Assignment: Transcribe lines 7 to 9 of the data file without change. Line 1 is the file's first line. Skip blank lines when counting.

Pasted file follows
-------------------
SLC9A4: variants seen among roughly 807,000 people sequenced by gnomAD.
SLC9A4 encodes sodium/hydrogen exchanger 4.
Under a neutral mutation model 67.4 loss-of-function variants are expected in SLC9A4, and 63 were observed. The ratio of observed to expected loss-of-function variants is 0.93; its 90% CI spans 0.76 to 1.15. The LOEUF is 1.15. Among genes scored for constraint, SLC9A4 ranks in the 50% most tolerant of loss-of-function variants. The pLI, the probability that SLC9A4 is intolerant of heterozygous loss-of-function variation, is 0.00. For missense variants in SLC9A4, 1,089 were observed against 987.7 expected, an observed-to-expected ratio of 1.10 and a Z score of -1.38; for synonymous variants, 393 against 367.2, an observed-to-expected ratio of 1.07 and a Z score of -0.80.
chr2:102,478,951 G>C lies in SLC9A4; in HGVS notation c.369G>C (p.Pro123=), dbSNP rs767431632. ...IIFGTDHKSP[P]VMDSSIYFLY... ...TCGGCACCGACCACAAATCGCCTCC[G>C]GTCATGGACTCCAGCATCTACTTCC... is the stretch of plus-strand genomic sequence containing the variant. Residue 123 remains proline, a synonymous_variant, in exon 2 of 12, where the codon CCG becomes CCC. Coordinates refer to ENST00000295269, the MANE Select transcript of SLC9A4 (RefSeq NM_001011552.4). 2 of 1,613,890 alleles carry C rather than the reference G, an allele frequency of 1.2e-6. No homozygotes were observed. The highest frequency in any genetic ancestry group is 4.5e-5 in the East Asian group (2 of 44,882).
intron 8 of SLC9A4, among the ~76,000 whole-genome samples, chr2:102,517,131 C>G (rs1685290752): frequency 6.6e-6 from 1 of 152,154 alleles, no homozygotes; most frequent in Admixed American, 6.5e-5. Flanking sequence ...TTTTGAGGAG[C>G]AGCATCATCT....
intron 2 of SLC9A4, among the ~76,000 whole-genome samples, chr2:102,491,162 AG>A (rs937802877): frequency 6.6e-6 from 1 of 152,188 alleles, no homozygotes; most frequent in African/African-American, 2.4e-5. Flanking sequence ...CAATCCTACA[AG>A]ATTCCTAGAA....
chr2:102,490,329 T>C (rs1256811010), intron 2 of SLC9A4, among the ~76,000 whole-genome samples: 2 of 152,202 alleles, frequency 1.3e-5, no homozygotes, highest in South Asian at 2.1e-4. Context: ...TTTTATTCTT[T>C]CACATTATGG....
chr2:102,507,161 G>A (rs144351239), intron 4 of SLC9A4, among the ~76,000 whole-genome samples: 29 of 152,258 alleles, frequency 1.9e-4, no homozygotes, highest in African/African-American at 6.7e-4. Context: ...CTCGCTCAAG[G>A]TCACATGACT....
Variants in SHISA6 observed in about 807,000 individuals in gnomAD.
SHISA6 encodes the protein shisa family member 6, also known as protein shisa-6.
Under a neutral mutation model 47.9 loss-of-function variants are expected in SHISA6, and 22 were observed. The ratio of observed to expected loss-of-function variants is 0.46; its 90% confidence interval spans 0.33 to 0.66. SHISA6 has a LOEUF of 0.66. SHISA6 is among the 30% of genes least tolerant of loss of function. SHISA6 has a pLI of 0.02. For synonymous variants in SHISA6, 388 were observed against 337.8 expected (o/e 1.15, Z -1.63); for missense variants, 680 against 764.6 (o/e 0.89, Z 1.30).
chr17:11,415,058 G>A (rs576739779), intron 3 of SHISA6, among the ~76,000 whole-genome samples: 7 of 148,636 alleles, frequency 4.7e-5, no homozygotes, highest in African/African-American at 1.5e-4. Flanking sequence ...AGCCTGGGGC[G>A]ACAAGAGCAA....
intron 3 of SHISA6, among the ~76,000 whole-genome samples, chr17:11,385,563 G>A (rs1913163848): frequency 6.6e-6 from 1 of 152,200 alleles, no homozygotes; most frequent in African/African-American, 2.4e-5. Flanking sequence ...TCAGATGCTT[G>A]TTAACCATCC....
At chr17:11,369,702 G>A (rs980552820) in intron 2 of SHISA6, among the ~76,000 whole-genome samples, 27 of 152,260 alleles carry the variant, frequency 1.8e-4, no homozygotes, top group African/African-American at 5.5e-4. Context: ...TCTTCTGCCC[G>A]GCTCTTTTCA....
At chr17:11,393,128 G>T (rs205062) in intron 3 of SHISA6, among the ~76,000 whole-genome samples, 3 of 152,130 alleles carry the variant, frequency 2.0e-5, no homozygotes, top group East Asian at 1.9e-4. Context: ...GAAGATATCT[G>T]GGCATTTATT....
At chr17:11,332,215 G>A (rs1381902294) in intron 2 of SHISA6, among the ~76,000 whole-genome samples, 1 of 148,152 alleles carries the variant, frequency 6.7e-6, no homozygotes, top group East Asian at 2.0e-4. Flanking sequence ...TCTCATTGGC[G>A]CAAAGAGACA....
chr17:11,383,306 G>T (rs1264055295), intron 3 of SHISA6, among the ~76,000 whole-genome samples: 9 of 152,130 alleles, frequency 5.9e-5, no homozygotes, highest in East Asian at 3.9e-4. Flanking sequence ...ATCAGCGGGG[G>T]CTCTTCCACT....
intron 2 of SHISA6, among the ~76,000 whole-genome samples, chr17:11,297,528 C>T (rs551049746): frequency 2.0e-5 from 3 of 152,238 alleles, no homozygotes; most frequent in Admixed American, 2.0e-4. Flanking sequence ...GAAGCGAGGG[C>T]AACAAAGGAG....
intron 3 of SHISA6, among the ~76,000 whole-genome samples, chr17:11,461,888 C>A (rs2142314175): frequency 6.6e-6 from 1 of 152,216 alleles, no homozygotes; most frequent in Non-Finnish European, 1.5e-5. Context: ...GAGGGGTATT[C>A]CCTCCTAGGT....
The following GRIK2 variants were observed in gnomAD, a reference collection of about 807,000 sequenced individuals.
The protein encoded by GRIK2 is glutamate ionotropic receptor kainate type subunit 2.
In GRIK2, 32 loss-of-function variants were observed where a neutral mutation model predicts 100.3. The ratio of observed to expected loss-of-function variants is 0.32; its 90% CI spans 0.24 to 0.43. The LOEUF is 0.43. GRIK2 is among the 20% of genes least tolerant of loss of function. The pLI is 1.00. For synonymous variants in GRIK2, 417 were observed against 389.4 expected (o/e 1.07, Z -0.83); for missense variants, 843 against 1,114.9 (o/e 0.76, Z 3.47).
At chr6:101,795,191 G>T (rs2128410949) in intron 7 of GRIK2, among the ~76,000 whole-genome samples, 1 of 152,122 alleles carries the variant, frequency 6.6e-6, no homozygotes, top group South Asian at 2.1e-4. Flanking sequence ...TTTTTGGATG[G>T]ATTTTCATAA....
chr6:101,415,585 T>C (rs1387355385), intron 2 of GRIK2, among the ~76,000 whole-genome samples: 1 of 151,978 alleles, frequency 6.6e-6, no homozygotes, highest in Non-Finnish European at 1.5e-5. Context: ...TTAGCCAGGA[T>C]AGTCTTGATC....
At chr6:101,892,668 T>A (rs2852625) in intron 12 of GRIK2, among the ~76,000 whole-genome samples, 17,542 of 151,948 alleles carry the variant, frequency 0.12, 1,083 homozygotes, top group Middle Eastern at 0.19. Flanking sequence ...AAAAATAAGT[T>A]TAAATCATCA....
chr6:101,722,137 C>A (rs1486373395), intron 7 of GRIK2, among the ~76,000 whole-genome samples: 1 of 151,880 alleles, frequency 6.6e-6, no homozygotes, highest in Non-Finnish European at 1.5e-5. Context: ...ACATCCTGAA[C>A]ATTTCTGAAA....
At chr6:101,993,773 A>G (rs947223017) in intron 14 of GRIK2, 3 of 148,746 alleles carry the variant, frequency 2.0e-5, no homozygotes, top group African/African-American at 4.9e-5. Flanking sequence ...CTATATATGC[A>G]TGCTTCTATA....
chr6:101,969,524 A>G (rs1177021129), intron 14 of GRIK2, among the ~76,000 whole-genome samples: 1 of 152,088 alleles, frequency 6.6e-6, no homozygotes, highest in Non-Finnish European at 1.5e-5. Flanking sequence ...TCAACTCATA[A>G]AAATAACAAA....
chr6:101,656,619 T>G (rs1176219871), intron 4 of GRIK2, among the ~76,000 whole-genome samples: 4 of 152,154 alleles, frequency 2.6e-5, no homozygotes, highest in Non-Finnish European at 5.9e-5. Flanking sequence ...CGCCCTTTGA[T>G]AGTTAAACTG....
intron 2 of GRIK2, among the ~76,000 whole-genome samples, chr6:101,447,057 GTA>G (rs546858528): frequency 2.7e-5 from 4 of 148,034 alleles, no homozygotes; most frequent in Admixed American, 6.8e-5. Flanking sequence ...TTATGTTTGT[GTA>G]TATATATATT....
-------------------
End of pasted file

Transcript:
chr2:102,490,329 T>C (rs1256811010), intron 2 of SLC9A4, among the ~76,000 whole-genome samples: 2 of 152,202 alleles, frequency 1.3e-5, no homozygotes, highest in South Asian at 2.1e-4. Context: ...TTTTATTCTT[T>C]CACATTATGG....
chr2:102,507,161 G>A (rs144351239), intron 4 of SLC9A4, among the ~76,000 whole-genome samples: 29 of 152,258 alleles, frequency 1.9e-4, no homozygotes, highest in African/African-American at 6.7e-4. Context: ...CTCGCTCAAG[G>A]TCACATGACT....
Variants in SHISA6 observed in about 807,000 individuals in gnomAD.